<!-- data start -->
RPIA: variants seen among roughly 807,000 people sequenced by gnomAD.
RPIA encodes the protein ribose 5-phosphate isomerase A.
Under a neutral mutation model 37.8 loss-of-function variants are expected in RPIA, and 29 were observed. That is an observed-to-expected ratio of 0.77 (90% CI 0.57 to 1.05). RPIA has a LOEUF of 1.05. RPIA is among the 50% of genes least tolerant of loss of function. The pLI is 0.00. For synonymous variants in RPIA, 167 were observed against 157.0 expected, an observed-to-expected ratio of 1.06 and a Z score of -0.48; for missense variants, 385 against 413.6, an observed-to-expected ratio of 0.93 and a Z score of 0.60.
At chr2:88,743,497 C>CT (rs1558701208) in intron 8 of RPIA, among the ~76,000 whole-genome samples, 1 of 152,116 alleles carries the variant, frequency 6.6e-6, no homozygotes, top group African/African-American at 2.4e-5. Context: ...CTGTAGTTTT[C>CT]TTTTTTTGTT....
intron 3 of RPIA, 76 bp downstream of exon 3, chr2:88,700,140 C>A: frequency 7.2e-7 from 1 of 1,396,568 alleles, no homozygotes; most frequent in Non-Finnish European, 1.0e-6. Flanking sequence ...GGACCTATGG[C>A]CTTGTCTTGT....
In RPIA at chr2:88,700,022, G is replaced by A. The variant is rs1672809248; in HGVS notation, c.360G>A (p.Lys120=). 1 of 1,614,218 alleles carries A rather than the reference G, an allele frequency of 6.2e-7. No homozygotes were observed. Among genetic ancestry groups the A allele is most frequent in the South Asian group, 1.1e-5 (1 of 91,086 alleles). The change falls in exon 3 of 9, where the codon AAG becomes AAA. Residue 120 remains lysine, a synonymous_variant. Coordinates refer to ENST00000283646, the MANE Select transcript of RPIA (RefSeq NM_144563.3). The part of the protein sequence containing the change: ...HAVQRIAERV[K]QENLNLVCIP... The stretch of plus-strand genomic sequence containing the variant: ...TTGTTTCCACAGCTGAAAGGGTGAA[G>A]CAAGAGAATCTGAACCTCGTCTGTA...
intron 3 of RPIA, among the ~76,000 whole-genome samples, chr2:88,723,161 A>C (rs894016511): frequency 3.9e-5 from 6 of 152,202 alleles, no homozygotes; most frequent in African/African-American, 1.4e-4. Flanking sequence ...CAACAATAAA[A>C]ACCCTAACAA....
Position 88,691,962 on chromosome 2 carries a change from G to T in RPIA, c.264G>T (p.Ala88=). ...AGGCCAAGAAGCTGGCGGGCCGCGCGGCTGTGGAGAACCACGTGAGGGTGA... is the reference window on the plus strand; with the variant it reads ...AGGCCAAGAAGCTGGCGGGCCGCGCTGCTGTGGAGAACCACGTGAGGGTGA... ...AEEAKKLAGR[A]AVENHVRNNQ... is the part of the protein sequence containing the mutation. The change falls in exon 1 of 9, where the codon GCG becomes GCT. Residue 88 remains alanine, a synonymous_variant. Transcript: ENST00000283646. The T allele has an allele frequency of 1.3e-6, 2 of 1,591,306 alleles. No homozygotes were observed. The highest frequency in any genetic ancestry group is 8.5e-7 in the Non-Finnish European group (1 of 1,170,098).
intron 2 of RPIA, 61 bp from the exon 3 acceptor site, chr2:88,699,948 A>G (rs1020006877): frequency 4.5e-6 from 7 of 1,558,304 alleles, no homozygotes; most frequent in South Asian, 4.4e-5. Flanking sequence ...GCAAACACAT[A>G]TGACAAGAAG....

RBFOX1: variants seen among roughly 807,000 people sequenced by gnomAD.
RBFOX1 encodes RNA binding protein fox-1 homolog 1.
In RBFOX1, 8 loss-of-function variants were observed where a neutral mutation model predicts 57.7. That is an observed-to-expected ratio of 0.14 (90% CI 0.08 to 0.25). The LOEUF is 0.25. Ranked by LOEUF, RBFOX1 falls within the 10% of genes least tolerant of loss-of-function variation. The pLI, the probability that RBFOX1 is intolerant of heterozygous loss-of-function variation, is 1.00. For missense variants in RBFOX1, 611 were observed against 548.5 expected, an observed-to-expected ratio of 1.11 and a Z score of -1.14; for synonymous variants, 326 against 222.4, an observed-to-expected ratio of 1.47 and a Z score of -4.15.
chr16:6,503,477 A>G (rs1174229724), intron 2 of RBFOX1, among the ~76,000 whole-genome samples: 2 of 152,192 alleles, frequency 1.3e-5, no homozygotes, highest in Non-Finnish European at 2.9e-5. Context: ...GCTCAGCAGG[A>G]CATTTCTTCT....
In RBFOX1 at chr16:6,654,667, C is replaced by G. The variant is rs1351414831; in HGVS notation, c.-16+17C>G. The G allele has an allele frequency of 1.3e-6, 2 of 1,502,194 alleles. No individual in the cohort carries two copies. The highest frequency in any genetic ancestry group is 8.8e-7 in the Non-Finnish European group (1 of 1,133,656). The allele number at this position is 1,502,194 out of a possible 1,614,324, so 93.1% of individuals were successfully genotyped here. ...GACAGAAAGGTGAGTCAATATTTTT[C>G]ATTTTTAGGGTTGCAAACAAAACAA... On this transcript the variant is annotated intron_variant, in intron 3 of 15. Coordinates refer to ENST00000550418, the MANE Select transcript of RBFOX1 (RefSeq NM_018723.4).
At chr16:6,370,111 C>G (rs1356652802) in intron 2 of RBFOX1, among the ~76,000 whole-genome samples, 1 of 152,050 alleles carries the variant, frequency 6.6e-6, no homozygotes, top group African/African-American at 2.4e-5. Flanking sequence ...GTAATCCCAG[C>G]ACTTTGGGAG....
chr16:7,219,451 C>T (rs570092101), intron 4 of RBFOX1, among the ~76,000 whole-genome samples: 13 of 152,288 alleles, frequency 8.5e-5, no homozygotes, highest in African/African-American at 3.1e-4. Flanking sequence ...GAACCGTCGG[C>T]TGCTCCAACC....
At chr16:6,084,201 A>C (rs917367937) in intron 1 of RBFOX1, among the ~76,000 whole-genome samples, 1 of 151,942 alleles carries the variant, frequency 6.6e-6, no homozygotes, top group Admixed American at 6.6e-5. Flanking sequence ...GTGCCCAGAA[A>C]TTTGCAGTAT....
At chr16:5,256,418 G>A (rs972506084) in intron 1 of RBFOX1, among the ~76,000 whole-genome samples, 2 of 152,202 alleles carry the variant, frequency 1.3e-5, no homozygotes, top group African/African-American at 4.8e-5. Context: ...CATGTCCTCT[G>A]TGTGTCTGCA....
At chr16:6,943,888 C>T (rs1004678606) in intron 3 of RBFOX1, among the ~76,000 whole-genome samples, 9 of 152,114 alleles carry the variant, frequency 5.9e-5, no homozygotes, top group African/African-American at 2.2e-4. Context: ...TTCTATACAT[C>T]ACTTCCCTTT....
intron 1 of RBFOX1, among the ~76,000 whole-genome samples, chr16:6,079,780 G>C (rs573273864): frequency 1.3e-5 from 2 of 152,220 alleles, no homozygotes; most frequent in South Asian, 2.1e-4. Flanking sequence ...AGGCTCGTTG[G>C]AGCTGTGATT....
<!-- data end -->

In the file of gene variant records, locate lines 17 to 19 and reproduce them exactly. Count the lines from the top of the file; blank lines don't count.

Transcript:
At chr16:6,084,201 A>C (rs917367937) in intron 1 of RBFOX1, among the ~76,000 whole-genome samples, 1 of 151,942 alleles carries the variant, frequency 6.6e-6, no homozygotes, top group Admixed American at 6.6e-5. Flanking sequence ...GTGCCCAGAA[A>C]TTTGCAGTAT....
At chr16:5,256,418 G>A (rs972506084) in intron 1 of RBFOX1, among the ~76,000 whole-genome samples, 2 of 152,202 alleles carry the variant, frequency 1.3e-5, no homozygotes, top group African/African-American at 4.8e-5. Context: ...CATGTCCTCT[G>A]TGTGTCTGCA....
At chr16:6,943,888 C>T (rs1004678606) in intron 3 of RBFOX1, among the ~76,000 whole-genome samples, 9 of 152,114 alleles carry the variant, frequency 5.9e-5, no homozygotes, top group African/African-American at 2.2e-4. Context: ...TTCTATACAT[C>T]ACTTCCCTTT....